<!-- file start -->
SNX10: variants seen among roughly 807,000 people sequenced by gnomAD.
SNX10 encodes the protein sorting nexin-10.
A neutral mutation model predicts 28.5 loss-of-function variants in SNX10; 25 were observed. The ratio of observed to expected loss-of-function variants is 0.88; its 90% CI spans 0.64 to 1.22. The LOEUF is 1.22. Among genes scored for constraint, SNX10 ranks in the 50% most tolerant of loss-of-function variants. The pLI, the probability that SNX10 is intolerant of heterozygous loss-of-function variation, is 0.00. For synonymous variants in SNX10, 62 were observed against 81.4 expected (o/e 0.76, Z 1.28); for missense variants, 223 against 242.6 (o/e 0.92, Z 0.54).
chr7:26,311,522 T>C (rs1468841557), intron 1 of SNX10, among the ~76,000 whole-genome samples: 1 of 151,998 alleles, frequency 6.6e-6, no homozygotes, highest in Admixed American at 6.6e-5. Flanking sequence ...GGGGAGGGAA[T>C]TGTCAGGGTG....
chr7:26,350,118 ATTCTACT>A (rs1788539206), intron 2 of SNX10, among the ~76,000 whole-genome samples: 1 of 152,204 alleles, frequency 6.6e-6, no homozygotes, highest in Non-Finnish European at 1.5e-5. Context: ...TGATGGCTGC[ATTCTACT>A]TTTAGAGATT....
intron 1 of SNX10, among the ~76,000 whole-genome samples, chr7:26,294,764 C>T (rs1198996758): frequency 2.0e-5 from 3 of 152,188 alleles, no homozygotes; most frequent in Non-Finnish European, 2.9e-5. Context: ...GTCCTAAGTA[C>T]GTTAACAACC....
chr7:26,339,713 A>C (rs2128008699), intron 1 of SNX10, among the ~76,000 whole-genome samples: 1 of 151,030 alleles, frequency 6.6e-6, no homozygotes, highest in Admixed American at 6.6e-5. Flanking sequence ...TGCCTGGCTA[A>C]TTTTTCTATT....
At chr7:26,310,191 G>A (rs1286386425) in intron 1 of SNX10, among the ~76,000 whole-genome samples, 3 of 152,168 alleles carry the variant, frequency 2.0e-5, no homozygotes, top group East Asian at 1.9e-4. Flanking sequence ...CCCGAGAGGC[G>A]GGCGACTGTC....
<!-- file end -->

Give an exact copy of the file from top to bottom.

SNX10: variants seen among roughly 807,000 people sequenced by gnomAD.
SNX10 encodes the protein sorting nexin-10.
A neutral mutation model predicts 28.5 loss-of-function variants in SNX10; 25 were observed. The ratio of observed to expected loss-of-function variants is 0.88; its 90% CI spans 0.64 to 1.22. The LOEUF is 1.22. Among genes scored for constraint, SNX10 ranks in the 50% most tolerant of loss-of-function variants. The pLI, the probability that SNX10 is intolerant of heterozygous loss-of-function variation, is 0.00. For synonymous variants in SNX10, 62 were observed against 81.4 expected (o/e 0.76, Z 1.28); for missense variants, 223 against 242.6 (o/e 0.92, Z 0.54).
chr7:26,311,522 T>C (rs1468841557), intron 1 of SNX10, among the ~76,000 whole-genome samples: 1 of 151,998 alleles, frequency 6.6e-6, no homozygotes, highest in Admixed American at 6.6e-5. Flanking sequence ...GGGGAGGGAA[T>C]TGTCAGGGTG....
chr7:26,350,118 ATTCTACT>A (rs1788539206), intron 2 of SNX10, among the ~76,000 whole-genome samples: 1 of 152,204 alleles, frequency 6.6e-6, no homozygotes, highest in Non-Finnish European at 1.5e-5. Context: ...TGATGGCTGC[ATTCTACT>A]TTTAGAGATT....
intron 1 of SNX10, among the ~76,000 whole-genome samples, chr7:26,294,764 C>T (rs1198996758): frequency 2.0e-5 from 3 of 152,188 alleles, no homozygotes; most frequent in Non-Finnish European, 2.9e-5. Context: ...GTCCTAAGTA[C>T]GTTAACAACC....
chr7:26,339,713 A>C (rs2128008699), intron 1 of SNX10, among the ~76,000 whole-genome samples: 1 of 151,030 alleles, frequency 6.6e-6, no homozygotes, highest in Admixed American at 6.6e-5. Flanking sequence ...TGCCTGGCTA[A>C]TTTTTCTATT....
At chr7:26,310,191 G>A (rs1286386425) in intron 1 of SNX10, among the ~76,000 whole-genome samples, 3 of 152,168 alleles carry the variant, frequency 2.0e-5, no homozygotes, top group East Asian at 1.9e-4. Flanking sequence ...CCCGAGAGGC[G>A]GGCGACTGTC....